Joel Johnston is a promising musician and composer who's just graduated from college and hopes to go to on to study at a first-class music school.  And he's found the love of his life, Jinny.  But on their prom night, after he proposes marriage, Jinny drops a huge bombshell on Joel.  She's lied about her identity; she's not the ordinary girl she claimed to be.  She's actually the granddaughter and heir of the richest, most powerful man in the whole Solar System, one Richard Conrad.  Jinny and Conrad assume that since Joel has passed Jinny's test, he will happily shelve his own life and be trained to take over the Conrad empire.  Joel tells them both to get stuffed, escapes the Conrad's secret hideout with the help of Jinny's 6 year old cousin Evelyn (who tells Joel before he leaves that she will marry him someday), and signs onto a colony starship that's just leaving for an obscure star in Bootes.  This is a sub-light expedition, but one which will get very close to C under a magical drive called a Quantum Ramjet, which only operates while being babysat by a very special person called a Relativist.  There must be a Relativist minding the drive every second, and it can only be done by someone whose meditative focus is at a level only achieved by a few hundred people in the whole human population.  (The Relativists in the story, in addition to being masters of meditation, seem to be on quite a high ethical plane as well, but Spider never explicitly makes any pun about Moral Relativists.  Perhaps it's meant to be inferred.)  A Relativist can only do this trick for 6 hours at a time, and only for 6 hours out of every 24.  And if the drive stops for more than a few minutes, it can't be restarted at all.  When two of the ship's six Relativists are killed doing their thing, the expedition is looking very shaky.  One other point of background is that while the ship is limited to lightspeed, it does have some Heinlein telepaths aboard.  Telepathy is instantaneous.  And the ship's telepaths suffer near-simultaneous mental almost-meltdowns when Sol explodes.  Due to extremely convenient timing and some inconsistency in the nature of the explosion, they manage to get the word out to the ship.  (The explosion is described as the entire mass of the Sun being instantly converted to energy.  I'm fairly certain that in the face of the release of this much energy, it wouldn't make any difference if you were behind a planet or not; all matter in the Solar System would be instant plasma.  But the telepaths on the ship get to experience the deaths of their twins.)    We never actually resolve for sure whether the Sun blew up in a coincidence involving previously unsuspected physical phenomenon, or if it was enemy action, but the latter is implied.  There's one fairly nice speech, before the drive dies, about how the remains of humanity should deal with that.  But there's also a lot of soapboxing about 9/11 (Spider manages to blame Nehemiah Scudder, in Heinlein's canonical future history, on the 9/11 attacks, grafted unmodified into Heinlein's universe, and also to explain how terrible it is to have all of humanity wiped out in terms of 9/11, *retch*).  Now, suddenly, the ship and the colonies already established are all there is of humanity.  And the colonies are going to be sterilized when the wavefront hits them.  The strain of this drives the least stable of the four remaining Relativists to suicide.  The remaining three manage to keep the drive going for a week, but they lose it.  Just as everyone on the ship is trying to decide if they want to suicide themselves or just wait for the radiation to overtake them, Joel is summoned to the Bridge, where he discovers Conrad, Jinny, and Evelyn.  It seems that Jinny seduced a physics genius, a Tesla-esque character named Andrew who responded to the challenge of being chosen as a mate by the heir of the Conrad empire by inventing a faster than light drive.  This drive is even more complete bolonium than the quantum ramjet, but it has the interesting property that it doesn't care how much mass it's being asked to move.  It was conveniently on its shakedown cruise (with Condrad, his key aides, Jinny, Evelyn, and the inventor aboard) when the sun explodes, and it was conveniently in Earth's shadow at the time.  But when Andrew mentions how the drive doesn't care about mass to Joel, Joel realizes that Conrad is just using the people aboard.  Evelyn demanded that they rescue Joel because she wants to marry him, and Conrad wants to stock up on provisions so he doesn't show up at the first colony he plans to take over with his Conradness in a weak bargaining position because he's out of food.  When Joel verbalizes that the talk of the schedule that will be required to ferry the passengers a few at a time to their destination is bullshit, Conrad's chief aide, "Smithers", pulls a gun on Joel and tells him to shut up and cooperate.  But Conrad's social secretary, Ms. Robb (for some reason, Spider thought that "lay Ms. Robb" (for Les Miserables) was the pun of the century, or at least the novel), pulls out her own gun and blows Smithers' head off.  The good guys manage to take out Conrad's bodyguard, and all involved tell Conrad to shut up; he's not god anymore.  Joel and Evelyn (who thanks to time dilation has caught up with Joel enough in age) fall in love and live happily ever after, the end.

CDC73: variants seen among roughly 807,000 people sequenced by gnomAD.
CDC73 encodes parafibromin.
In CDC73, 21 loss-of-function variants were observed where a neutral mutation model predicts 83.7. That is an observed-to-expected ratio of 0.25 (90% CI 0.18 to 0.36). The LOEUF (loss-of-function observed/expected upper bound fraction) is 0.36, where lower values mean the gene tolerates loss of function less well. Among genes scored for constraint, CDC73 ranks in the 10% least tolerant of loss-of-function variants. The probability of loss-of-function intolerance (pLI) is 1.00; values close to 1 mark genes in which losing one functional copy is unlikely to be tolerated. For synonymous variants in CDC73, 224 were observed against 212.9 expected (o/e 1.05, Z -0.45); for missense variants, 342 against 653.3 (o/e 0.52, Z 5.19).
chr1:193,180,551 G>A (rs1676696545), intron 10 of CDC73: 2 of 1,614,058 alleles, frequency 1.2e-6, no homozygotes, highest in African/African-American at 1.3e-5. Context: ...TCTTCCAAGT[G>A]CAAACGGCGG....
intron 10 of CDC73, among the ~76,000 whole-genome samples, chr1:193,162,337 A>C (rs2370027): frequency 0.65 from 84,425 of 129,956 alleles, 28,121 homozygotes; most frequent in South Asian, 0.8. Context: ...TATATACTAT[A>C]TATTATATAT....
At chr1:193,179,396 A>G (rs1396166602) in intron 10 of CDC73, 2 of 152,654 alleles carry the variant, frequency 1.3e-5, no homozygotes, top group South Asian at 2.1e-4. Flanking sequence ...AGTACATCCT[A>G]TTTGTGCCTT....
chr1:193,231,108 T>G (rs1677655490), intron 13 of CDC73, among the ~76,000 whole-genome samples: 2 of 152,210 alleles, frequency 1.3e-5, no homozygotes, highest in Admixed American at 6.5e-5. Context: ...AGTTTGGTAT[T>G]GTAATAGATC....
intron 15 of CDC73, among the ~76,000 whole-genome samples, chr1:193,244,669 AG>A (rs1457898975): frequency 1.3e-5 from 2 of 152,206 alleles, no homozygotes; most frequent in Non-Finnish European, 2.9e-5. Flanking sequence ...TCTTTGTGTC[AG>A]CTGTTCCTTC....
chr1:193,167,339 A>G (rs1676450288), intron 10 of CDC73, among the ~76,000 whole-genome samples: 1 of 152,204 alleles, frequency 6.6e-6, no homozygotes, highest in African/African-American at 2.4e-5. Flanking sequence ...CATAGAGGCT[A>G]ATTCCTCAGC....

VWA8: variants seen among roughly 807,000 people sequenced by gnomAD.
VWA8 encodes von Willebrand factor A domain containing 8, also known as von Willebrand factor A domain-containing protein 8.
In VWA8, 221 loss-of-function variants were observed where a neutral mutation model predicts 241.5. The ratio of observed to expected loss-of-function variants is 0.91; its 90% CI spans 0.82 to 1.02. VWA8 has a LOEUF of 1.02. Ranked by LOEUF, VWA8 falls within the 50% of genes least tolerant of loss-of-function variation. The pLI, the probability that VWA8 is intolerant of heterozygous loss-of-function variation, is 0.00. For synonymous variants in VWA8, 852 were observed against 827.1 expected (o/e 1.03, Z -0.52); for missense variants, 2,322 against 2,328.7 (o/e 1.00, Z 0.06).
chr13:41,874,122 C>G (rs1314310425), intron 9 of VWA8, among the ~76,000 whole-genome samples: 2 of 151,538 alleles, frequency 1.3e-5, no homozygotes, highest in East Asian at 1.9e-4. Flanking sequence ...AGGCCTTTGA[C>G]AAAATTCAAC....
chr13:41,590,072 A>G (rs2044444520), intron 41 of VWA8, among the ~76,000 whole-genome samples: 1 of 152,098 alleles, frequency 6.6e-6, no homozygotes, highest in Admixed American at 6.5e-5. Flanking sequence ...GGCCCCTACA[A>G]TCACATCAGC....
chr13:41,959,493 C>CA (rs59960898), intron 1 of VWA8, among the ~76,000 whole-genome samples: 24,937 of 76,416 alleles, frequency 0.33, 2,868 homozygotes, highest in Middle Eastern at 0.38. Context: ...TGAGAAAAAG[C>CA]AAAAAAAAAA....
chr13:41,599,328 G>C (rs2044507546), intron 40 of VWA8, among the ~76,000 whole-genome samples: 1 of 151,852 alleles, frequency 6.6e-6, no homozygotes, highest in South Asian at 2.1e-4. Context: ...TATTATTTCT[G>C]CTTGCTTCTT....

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[User Picture]